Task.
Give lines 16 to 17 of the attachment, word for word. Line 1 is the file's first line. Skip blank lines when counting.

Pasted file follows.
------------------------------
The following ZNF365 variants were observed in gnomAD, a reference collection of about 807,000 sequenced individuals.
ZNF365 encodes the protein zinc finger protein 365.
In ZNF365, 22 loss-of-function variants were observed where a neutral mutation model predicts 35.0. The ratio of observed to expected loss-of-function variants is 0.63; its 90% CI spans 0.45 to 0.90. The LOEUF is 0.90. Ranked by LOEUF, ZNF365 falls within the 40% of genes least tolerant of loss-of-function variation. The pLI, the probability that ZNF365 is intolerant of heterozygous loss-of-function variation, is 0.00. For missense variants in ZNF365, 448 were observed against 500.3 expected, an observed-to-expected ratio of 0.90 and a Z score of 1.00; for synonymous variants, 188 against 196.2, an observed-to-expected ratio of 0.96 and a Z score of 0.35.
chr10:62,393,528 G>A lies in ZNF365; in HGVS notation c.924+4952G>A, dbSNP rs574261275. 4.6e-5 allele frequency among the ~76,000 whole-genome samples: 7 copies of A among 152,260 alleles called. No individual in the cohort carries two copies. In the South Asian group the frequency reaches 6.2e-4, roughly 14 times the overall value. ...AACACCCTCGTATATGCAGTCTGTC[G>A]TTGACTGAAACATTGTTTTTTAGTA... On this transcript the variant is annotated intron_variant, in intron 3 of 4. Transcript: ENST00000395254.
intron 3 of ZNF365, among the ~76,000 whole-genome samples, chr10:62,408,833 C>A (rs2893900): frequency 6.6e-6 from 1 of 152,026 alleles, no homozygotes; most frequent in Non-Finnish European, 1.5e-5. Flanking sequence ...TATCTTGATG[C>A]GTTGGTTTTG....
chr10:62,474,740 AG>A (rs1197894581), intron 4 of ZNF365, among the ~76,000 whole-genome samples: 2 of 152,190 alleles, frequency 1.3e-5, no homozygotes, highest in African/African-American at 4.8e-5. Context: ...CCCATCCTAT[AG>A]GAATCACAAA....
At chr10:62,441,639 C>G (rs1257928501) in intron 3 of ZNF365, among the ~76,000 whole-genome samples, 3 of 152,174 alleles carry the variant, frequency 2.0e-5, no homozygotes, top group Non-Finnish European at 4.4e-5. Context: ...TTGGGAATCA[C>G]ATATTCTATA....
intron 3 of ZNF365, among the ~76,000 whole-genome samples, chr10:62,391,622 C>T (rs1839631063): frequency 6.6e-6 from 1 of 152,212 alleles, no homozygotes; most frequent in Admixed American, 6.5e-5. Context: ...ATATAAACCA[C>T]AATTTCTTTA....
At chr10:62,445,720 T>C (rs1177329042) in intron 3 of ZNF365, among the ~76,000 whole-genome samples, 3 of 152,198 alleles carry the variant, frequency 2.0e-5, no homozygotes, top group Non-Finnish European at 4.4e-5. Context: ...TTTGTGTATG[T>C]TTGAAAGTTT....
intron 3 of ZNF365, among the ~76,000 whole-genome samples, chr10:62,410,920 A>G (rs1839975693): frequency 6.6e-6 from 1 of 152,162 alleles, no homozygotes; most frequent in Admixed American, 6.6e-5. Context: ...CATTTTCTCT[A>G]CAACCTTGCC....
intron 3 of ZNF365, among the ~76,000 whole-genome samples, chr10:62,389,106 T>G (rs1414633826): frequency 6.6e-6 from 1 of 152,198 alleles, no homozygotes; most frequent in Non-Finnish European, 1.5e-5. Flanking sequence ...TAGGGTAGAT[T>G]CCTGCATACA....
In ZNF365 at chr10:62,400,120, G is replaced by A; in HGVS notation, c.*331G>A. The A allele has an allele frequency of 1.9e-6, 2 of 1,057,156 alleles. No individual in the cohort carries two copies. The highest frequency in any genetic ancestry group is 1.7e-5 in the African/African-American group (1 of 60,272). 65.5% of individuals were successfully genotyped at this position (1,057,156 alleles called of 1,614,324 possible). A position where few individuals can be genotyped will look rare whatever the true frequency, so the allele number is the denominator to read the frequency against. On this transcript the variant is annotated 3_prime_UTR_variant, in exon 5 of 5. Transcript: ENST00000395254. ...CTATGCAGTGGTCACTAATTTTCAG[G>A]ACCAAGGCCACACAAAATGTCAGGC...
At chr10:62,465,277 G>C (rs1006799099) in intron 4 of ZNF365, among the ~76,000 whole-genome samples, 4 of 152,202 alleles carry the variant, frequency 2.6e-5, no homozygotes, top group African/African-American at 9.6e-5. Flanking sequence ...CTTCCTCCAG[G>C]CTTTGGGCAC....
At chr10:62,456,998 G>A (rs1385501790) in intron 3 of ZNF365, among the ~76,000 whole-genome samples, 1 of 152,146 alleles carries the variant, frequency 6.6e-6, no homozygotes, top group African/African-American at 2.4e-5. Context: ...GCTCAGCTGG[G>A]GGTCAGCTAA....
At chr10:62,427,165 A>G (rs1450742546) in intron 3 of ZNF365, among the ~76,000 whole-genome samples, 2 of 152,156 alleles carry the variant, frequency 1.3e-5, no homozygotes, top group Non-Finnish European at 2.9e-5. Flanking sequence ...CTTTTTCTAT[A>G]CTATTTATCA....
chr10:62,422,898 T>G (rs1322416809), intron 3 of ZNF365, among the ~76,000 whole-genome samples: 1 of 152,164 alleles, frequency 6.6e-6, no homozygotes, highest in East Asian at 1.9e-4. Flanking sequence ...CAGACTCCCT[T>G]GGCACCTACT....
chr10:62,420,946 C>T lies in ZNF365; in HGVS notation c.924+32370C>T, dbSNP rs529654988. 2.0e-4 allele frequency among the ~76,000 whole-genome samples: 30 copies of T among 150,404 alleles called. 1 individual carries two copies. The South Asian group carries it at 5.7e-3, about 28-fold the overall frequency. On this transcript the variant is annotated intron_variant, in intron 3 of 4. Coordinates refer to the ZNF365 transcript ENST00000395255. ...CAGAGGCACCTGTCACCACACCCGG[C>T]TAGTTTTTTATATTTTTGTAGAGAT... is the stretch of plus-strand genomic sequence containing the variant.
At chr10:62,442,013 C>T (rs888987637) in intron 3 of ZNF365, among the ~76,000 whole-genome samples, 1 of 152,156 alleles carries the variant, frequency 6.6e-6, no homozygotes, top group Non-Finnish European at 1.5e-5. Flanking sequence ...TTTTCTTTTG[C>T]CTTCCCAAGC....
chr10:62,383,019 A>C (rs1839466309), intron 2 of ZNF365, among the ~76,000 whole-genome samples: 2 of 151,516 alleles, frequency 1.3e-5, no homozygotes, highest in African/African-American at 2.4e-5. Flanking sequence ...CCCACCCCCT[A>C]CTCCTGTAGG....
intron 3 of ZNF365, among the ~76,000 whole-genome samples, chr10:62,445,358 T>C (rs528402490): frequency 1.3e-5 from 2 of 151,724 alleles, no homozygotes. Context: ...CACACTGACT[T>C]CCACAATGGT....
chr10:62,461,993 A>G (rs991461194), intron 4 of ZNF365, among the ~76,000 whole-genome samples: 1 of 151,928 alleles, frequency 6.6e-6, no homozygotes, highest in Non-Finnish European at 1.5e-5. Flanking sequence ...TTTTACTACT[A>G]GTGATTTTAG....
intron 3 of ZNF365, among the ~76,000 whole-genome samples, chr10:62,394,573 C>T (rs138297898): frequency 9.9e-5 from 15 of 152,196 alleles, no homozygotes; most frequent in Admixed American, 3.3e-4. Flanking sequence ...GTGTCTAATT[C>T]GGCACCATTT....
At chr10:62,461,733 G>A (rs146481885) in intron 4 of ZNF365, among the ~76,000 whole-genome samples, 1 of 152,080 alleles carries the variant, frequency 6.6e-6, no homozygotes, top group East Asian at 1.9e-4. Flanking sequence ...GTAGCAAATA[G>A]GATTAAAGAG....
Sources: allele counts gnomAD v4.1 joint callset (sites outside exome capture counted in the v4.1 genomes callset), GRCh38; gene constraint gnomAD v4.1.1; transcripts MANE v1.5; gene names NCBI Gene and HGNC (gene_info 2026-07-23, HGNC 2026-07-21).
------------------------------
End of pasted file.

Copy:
chr10:62,422,898 T>G (rs1322416809), intron 3 of ZNF365, among the ~76,000 whole-genome samples: 1 of 152,164 alleles, frequency 6.6e-6, no homozygotes, highest in East Asian at 1.9e-4. Flanking sequence ...CAGACTCCCT[T>G]GGCACCTACT....
chr10:62,420,946 C>T lies in ZNF365; in HGVS notation c.924+32370C>T, dbSNP rs529654988. 2.0e-4 allele frequency among the ~76,000 whole-genome samples: 30 copies of T among 150,404 alleles called. 1 individual carries two copies. The South Asian group carries it at 5.7e-3, about 28-fold the overall frequency. On this transcript the variant is annotated intron_variant, in intron 3 of 4. Coordinates refer to the ZNF365 transcript ENST00000395255. ...CAGAGGCACCTGTCACCACACCCGG[C>T]TAGTTTTTTATATTTTTGTAGAGAT... is the stretch of plus-strand genomic sequence containing the variant.